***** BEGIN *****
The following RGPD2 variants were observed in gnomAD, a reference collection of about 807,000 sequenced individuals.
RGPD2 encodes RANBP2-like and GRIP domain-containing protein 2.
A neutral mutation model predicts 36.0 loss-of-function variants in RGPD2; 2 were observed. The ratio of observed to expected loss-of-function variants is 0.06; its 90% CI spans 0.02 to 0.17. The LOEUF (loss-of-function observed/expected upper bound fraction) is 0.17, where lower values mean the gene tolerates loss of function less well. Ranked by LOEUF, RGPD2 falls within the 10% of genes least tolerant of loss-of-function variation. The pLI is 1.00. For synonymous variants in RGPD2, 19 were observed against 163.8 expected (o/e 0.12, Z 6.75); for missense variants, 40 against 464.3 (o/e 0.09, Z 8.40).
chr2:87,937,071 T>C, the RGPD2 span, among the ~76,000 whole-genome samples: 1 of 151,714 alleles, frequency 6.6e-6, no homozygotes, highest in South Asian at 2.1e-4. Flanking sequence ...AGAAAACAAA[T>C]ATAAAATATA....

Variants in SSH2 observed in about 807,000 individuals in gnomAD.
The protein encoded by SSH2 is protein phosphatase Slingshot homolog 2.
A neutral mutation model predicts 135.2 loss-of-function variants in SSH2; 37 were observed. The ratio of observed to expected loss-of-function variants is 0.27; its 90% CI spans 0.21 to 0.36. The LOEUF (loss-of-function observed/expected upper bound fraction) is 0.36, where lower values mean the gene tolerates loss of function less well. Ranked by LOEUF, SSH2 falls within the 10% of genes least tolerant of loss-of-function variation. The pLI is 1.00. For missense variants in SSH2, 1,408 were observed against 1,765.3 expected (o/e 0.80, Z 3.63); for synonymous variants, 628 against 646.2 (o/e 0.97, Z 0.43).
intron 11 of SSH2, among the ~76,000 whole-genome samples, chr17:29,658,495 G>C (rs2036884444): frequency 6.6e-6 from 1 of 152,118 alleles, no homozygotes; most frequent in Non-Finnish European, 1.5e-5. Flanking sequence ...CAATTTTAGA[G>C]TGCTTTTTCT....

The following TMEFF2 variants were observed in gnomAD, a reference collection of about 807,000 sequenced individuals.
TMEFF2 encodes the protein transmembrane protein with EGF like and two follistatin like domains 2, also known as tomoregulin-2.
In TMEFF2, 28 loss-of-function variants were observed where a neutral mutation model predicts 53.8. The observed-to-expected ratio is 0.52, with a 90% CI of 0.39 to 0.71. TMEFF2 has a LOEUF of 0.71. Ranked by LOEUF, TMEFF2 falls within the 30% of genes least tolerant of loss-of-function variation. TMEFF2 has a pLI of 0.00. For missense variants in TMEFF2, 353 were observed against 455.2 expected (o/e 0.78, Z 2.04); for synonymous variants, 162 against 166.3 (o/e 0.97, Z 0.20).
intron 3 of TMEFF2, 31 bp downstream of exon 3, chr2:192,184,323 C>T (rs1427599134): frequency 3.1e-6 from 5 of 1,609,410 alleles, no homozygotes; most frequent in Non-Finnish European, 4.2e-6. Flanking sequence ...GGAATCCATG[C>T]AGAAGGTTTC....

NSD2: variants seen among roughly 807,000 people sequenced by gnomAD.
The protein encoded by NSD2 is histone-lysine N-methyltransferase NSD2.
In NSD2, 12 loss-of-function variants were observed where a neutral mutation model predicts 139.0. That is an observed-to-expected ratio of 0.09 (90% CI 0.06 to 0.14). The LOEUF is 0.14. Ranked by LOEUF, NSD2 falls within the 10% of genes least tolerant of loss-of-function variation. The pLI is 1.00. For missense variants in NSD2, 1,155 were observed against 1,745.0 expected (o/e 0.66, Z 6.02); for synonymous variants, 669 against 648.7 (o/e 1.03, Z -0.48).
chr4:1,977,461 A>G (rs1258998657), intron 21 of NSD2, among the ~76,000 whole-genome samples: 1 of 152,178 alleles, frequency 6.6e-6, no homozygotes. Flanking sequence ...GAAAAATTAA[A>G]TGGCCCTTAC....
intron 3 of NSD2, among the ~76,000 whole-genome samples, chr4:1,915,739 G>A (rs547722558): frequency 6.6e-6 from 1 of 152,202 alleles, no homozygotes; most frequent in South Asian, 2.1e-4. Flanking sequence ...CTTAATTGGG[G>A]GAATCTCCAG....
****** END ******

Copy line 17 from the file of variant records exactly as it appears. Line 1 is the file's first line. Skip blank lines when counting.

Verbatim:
intron 3 of NSD2, among the ~76,000 whole-genome samples, chr4:1,915,739 G>A (rs547722558): frequency 6.6e-6 from 1 of 152,202 alleles, no homozygotes; most frequent in South Asian, 2.1e-4. Flanking sequence ...CTTAATTGGG[G>A]GAATCTCCAG....